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Pesto!

Spring seems to be here in Los Angeles after a particularly cold and wet winter.  We are lucky to be able to get almost any food that we want any time of the year, so while it’s a little early in the rest of the country for fresh basil, we have it and the first warm days of spring seem like a great reason to make a batch of pesto.

This is a really easy sauce to make, and while it was very fashionable for a while, I haven’t seen it in all that much lately.  I believe it’s traditionally made with a mortar and pestle, but we’re all about modern technology (and time saving) around here, so I use a food processor.  This makes pesto both very easy and very quick.

The following recipe is the one I’ve used for about 15 years now, and it has not failed me yet (except when I salt it without tasting it first).

This is also the first recipe that will enjoy the benefits of more or less step by step photos, thanks to the new camera.  Hope you enjoy!

Cheers.

Basil Pesto

Adapted from The Silver Palate Cookbook, and my brain

2 cups of fresh basil leaves
2 cloves garlic, minced*
2 Tbsp pine nuts (or walnuts)
1 cup decent olive oil
1 cup grated Parmesan cheese (see note in recipe)
Salt and pepper to taste

Prepare the basil leaves by washing them (you can avoid this step by buying a prewashed package at Trader Joe’s) and being sure to spin or pat dry until they are completely dry.  Water will ruin your pesto.  Tear the leaves off the stalks and put them into the bowl of a food processor fitted with a metal blade.  You only want the leaves (the little leaves are fine and if a bit of the buds get in there, that’s ok – just don’t put in any of the stalks, they’re not good).  Add the garlic and the pine nuts and then pulse the food processor until you have something that looks like this:

It’s essentially a rough chop.  You should still be able to see bits of each ingredient.  Measure out your olive oil and then stream it in through the feeding tube with the food processor on.  This will give you a more finely chopped, sort of olive oil soupy version of what you just had.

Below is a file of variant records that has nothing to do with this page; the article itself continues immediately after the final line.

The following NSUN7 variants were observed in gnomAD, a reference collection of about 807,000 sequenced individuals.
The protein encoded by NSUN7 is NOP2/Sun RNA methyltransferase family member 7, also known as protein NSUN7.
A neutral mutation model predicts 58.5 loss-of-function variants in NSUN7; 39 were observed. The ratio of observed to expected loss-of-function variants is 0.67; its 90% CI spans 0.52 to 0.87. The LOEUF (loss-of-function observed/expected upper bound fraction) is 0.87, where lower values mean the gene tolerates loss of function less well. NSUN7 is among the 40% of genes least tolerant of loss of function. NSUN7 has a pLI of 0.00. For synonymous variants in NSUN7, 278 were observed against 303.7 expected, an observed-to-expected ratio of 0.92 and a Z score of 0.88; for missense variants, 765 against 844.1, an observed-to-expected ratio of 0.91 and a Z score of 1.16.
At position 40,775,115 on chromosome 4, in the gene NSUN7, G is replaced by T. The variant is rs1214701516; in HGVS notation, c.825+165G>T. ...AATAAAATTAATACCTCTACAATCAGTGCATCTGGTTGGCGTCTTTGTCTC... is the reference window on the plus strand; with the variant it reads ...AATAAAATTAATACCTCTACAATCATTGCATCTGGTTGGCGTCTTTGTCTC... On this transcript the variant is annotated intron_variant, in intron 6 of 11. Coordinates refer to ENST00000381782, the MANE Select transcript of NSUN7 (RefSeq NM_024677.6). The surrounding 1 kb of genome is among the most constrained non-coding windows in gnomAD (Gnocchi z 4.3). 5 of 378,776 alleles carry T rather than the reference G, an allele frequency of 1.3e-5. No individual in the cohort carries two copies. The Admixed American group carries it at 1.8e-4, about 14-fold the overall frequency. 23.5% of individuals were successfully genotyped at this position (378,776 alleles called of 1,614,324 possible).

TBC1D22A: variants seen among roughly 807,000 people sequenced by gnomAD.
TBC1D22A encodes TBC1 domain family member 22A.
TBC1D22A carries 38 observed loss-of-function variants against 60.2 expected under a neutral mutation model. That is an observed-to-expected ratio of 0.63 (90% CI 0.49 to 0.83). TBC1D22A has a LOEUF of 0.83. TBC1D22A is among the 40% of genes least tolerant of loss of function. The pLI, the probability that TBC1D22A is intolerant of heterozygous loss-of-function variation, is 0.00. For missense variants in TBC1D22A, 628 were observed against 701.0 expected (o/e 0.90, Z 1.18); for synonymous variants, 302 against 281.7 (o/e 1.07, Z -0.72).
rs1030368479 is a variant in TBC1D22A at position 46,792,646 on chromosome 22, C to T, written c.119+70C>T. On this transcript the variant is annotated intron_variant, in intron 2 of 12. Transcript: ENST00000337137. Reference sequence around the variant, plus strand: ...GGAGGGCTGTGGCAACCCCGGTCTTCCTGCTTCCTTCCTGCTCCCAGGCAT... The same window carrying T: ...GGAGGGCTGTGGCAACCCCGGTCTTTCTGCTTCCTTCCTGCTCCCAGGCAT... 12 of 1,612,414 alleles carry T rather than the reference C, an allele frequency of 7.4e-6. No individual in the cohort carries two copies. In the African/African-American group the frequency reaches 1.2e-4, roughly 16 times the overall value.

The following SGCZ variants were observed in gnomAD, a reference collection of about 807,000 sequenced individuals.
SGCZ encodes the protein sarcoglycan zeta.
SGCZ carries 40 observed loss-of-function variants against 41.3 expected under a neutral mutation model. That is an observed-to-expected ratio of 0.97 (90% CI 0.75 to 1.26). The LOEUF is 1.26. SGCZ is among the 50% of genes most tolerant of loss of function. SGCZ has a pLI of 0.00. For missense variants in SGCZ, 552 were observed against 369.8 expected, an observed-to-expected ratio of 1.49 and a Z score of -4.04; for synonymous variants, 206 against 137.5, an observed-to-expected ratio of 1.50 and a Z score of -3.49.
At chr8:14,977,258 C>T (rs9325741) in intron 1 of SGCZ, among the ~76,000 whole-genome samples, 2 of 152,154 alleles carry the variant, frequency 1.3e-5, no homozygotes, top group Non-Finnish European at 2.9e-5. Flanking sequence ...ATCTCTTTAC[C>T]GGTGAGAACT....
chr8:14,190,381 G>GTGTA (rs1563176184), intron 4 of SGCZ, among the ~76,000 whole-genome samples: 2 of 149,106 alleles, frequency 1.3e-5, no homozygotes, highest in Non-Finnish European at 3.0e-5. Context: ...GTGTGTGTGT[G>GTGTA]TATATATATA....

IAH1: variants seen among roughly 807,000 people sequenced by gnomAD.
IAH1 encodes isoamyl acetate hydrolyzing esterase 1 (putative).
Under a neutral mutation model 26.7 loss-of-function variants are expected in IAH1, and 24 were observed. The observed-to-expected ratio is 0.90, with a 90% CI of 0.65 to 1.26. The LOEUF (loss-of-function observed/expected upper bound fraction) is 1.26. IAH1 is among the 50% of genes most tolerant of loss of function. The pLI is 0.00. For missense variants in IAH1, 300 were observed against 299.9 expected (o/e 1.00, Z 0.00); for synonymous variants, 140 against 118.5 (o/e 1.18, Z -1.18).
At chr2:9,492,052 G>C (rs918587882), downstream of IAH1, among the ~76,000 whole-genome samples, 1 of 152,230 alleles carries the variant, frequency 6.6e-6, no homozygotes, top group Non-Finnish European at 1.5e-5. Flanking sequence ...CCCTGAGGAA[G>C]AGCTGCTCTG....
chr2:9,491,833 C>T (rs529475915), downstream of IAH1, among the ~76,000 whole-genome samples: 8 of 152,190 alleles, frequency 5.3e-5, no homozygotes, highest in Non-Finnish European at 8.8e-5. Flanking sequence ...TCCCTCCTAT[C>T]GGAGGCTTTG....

Grate the cheese using the largest holes on a box grater:

You want the cheese to be very roughly grated so that it doesn’t disappear into the sauce.

Add the cheese to the food processor bowl and process for another 10-20 seconds – the point of pesto is not to puree it, but get a sort of finely chunky sauce held together with olive oil.  It shouldn’t be smooth and it shouldn’t be soupy.  It should look like this:

At this point, taste it.  The cheese is generally pretty salty and there probably won’t be the need for any more, but add sparingly if you feel like you need it.  Add fresh ground black pepper to taste as well.  Either use immediately or store for up to about 3 or 4 days (or maybe up to 7 if you’re not squeamish about scraping some yuckiness off the top) in an airtight container in the fridge.

This sauce/paste can be used for a variety of things; spread it on crackers and eat it like this by itself or with a bit of fish or some tomato.  Make a pasta sauce out of it by adding a couple of tablespoons of hot pasta water and a 1/4 cup or so of cream to a full batch of it and then toss it with about a pound of hot pasta (not a bad idea to top with a bit more cheese and some black pepper).  It also works well as a base for pizza instead of red sauce – shrimp top that nicely, as does fresh mozzarella.

*I love minced garlic, but I am also pretty lazy.  In most instances (including this recipe) you can get away with using a garlic press.  I really like this one for its pressing power and relatively easy clean up.

6 Comments

  1. NadiaThinks says:

    so…if i don’t have a food processor, can i just use a knife and chop this finely before grinding in the garlic and pine nuts using the mortar & pestle?
    NadiaThinks´s last blog post ..PurseBlog Asks- How do you carry your bags

  2. Kathlyn says:

    That is a good question, and I really don’t know the answer. I know that traditionally this was made with a mortar and pestle, but I’ve never done it. I say give it a shot and see how it turns out (and please let me know). You’ll have purists with torches at your door, but you can probably placate them with a bite or two of delicious pesto!

  3. Ludwig Rothschild says:

    Love the new photos!

  4. Kathlyn says:

    Thanks Ludwig!

  5. David says:

    I’ve always wondered: is there a substantial difference between mincing garlic and using a press? I can’t tell any difference, and the press is just so much easier.
    David´s last blog post ..K- Raspberry Tartletts

  6. Kathlyn says:

    There are people who will say that yes, there is a substantial difference. I don’t have a very refined palette, and I’ve never been able to tell a difference, so I use the press for most things. If you were going to do something like make your own garlic salt (which I’ve been dying to do!), then I would mince by hand because you wouldn’t want the juice from the mashed garlic to dissolve the salt. But other than something like that, or possible aesthetic reasons, I’d just keep using the press!

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